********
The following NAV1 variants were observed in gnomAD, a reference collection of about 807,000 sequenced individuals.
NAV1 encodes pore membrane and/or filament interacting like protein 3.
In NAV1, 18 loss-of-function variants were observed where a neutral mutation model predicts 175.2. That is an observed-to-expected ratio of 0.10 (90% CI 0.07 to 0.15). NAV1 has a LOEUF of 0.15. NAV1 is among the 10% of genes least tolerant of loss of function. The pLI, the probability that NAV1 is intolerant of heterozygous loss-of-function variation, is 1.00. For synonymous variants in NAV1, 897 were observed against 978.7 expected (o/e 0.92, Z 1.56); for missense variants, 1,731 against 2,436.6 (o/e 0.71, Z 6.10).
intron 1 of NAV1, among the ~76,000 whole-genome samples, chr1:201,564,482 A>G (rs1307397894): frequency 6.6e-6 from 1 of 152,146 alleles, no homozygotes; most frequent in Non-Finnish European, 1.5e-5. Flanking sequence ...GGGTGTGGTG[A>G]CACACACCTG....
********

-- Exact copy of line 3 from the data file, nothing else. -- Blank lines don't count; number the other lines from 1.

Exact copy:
In NAV1, 18 loss-of-function variants were observed where a neutral mutation model predicts 175.2. That is an observed-to-expected ratio of 0.10 (90% CI 0.07 to 0.15). NAV1 has a LOEUF of 0.15. NAV1 is among the 10% of genes least tolerant of loss of function. The pLI, the probability that NAV1 is intolerant of heterozygous loss-of-function variation, is 1.00. For synonymous variants in NAV1, 897 were observed against 978.7 expected (o/e 0.92, Z 1.56); for missense variants, 1,731 against 2,436.6 (o/e 0.71, Z 6.10).